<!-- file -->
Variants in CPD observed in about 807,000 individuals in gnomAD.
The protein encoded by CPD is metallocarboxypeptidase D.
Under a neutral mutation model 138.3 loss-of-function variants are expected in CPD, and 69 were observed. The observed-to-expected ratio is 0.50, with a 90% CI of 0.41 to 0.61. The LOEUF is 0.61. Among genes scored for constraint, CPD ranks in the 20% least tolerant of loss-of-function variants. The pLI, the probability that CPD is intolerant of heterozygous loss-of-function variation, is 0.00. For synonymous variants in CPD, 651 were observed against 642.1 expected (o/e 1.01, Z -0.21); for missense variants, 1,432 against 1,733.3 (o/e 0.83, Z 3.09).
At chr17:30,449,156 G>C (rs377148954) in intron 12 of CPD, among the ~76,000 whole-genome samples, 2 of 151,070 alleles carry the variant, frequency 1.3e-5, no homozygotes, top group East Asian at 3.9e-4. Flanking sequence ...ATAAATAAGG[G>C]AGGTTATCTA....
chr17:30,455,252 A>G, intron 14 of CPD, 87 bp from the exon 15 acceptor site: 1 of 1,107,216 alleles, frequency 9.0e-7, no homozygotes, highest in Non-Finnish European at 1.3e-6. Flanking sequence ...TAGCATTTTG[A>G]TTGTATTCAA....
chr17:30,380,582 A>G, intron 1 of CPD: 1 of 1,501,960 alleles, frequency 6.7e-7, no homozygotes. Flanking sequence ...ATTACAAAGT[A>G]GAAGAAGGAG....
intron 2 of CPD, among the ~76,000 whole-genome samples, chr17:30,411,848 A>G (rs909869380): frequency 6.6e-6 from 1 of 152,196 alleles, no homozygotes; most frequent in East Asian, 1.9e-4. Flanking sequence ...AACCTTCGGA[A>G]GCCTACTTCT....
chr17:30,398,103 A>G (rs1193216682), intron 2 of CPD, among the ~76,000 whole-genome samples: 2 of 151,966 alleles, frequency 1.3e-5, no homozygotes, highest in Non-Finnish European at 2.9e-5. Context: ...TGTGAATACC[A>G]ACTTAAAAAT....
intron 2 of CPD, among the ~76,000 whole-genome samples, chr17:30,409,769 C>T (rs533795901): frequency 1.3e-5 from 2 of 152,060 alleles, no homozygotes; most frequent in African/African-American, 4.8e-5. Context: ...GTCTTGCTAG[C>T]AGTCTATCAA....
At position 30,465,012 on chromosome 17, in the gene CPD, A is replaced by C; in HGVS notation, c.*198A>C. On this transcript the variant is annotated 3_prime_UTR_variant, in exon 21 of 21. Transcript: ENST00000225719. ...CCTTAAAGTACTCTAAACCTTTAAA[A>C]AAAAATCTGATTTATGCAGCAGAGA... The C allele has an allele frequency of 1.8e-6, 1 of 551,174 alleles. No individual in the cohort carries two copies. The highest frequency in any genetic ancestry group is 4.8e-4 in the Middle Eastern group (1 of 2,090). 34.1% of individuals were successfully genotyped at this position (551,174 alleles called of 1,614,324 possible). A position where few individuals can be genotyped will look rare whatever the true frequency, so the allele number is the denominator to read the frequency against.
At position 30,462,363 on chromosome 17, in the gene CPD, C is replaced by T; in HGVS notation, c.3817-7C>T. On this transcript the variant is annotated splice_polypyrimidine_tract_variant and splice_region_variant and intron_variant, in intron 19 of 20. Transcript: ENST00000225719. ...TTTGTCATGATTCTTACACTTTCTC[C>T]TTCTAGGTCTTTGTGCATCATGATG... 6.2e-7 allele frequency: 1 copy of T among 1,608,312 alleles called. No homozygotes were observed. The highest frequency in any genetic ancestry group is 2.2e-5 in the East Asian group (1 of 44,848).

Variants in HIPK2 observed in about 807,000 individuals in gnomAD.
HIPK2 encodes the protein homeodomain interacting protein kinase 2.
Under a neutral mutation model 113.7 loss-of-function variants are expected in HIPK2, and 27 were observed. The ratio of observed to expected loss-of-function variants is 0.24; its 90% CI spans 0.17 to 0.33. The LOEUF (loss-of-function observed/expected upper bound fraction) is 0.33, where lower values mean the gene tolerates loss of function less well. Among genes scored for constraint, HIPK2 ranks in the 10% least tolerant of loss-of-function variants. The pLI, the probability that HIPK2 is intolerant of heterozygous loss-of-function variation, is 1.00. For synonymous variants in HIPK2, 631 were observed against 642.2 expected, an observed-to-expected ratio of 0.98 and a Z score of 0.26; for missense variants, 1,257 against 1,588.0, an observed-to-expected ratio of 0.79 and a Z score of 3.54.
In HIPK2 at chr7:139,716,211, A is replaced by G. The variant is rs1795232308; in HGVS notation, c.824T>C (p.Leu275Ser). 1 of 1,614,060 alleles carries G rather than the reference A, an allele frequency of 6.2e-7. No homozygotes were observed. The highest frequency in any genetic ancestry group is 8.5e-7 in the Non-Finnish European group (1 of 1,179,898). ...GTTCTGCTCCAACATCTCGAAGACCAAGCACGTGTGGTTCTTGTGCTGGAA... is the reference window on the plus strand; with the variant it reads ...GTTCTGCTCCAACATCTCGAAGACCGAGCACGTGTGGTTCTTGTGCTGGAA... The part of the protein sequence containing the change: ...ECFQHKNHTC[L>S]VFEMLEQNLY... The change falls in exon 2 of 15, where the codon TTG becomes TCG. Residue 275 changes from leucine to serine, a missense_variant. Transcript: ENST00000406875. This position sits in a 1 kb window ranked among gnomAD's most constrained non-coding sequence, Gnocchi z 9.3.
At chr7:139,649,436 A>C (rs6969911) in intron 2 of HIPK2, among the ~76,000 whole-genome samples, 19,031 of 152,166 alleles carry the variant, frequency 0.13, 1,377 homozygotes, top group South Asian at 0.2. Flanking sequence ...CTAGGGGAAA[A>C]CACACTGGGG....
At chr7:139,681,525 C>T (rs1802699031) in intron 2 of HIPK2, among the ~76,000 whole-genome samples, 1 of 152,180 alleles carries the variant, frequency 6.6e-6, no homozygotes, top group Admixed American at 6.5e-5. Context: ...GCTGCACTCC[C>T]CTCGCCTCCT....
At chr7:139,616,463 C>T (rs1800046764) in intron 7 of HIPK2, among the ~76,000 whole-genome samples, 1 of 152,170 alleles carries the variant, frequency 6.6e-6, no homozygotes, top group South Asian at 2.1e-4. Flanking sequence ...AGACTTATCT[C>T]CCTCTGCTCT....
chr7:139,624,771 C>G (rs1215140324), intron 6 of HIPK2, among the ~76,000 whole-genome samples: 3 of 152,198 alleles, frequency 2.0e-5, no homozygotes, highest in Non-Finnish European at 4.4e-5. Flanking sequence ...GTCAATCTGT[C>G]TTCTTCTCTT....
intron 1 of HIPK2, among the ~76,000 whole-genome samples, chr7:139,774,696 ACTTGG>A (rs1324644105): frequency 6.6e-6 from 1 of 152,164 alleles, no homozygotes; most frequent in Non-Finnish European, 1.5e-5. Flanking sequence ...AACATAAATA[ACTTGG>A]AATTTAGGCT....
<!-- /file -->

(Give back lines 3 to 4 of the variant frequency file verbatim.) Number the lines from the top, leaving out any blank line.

Under a neutral mutation model 138.3 loss-of-function variants are expected in CPD, and 69 were observed. The observed-to-expected ratio is 0.50, with a 90% CI of 0.41 to 0.61. The LOEUF is 0.61. Among genes scored for constraint, CPD ranks in the 20% least tolerant of loss-of-function variants. The pLI, the probability that CPD is intolerant of heterozygous loss-of-function variation, is 0.00. For synonymous variants in CPD, 651 were observed against 642.1 expected (o/e 1.01, Z -0.21); for missense variants, 1,432 against 1,733.3 (o/e 0.83, Z 3.09).
At chr17:30,449,156 G>C (rs377148954) in intron 12 of CPD, among the ~76,000 whole-genome samples, 2 of 151,070 alleles carry the variant, frequency 1.3e-5, no homozygotes, top group East Asian at 3.9e-4. Flanking sequence ...ATAAATAAGG[G>C]AGGTTATCTA....